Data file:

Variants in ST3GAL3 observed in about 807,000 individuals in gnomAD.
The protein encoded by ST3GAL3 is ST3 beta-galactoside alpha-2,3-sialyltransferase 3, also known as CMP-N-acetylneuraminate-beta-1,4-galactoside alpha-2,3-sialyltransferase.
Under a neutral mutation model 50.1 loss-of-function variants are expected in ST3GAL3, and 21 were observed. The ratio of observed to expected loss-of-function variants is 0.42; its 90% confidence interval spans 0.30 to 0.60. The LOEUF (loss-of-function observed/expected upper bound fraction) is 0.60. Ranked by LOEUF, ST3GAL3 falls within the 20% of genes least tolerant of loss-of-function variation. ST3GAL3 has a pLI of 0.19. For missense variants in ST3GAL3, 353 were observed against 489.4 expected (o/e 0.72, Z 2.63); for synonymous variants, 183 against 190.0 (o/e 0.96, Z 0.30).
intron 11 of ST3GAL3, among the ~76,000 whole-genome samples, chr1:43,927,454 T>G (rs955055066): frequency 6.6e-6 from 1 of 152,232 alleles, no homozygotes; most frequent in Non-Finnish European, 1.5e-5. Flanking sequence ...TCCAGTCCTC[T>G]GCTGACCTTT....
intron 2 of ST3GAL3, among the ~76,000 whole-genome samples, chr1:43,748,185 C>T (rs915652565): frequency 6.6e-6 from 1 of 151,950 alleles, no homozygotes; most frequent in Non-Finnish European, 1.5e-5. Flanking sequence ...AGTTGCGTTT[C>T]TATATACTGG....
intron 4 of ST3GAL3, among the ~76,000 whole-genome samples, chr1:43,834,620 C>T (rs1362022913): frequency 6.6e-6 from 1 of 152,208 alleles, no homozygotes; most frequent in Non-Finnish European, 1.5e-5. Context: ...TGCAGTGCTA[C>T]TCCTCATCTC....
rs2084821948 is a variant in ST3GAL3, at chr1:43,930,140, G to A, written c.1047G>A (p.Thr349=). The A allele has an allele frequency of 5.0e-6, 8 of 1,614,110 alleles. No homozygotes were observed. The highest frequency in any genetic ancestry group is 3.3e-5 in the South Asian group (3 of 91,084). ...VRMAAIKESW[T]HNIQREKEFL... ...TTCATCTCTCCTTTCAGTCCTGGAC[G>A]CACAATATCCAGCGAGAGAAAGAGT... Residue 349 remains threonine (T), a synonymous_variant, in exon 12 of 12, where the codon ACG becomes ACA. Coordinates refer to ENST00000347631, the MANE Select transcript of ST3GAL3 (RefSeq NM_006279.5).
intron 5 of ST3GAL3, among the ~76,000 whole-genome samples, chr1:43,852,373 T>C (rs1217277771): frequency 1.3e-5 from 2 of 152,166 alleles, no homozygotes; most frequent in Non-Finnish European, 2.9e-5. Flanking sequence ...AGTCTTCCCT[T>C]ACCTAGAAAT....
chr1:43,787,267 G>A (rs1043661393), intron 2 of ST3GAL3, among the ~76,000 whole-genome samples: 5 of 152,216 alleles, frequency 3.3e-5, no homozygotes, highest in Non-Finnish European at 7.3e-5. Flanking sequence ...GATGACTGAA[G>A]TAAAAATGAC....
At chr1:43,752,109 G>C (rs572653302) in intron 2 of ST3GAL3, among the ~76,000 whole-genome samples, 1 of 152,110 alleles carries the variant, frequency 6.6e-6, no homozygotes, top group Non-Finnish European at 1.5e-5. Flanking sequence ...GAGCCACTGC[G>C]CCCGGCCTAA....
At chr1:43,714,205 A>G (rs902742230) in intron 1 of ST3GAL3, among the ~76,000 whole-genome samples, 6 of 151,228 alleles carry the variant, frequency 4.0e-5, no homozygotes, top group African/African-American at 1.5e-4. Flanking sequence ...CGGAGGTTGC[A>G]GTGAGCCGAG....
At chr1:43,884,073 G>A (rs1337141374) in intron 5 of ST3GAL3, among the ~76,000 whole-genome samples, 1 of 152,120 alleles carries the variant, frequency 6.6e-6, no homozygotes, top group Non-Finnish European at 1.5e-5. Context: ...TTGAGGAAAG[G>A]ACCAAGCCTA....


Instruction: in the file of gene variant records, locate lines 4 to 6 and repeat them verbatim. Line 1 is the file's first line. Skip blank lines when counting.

intron 11 of ST3GAL3, among the ~76,000 whole-genome samples, chr1:43,927,454 T>G (rs955055066): frequency 6.6e-6 from 1 of 152,232 alleles, no homozygotes; most frequent in Non-Finnish European, 1.5e-5. Flanking sequence ...TCCAGTCCTC[T>G]GCTGACCTTT....
intron 2 of ST3GAL3, among the ~76,000 whole-genome samples, chr1:43,748,185 C>T (rs915652565): frequency 6.6e-6 from 1 of 151,950 alleles, no homozygotes; most frequent in Non-Finnish European, 1.5e-5. Flanking sequence ...AGTTGCGTTT[C>T]TATATACTGG....
intron 4 of ST3GAL3, among the ~76,000 whole-genome samples, chr1:43,834,620 C>T (rs1362022913): frequency 6.6e-6 from 1 of 152,208 alleles, no homozygotes; most frequent in Non-Finnish European, 1.5e-5. Context: ...TGCAGTGCTA[C>T]TCCTCATCTC....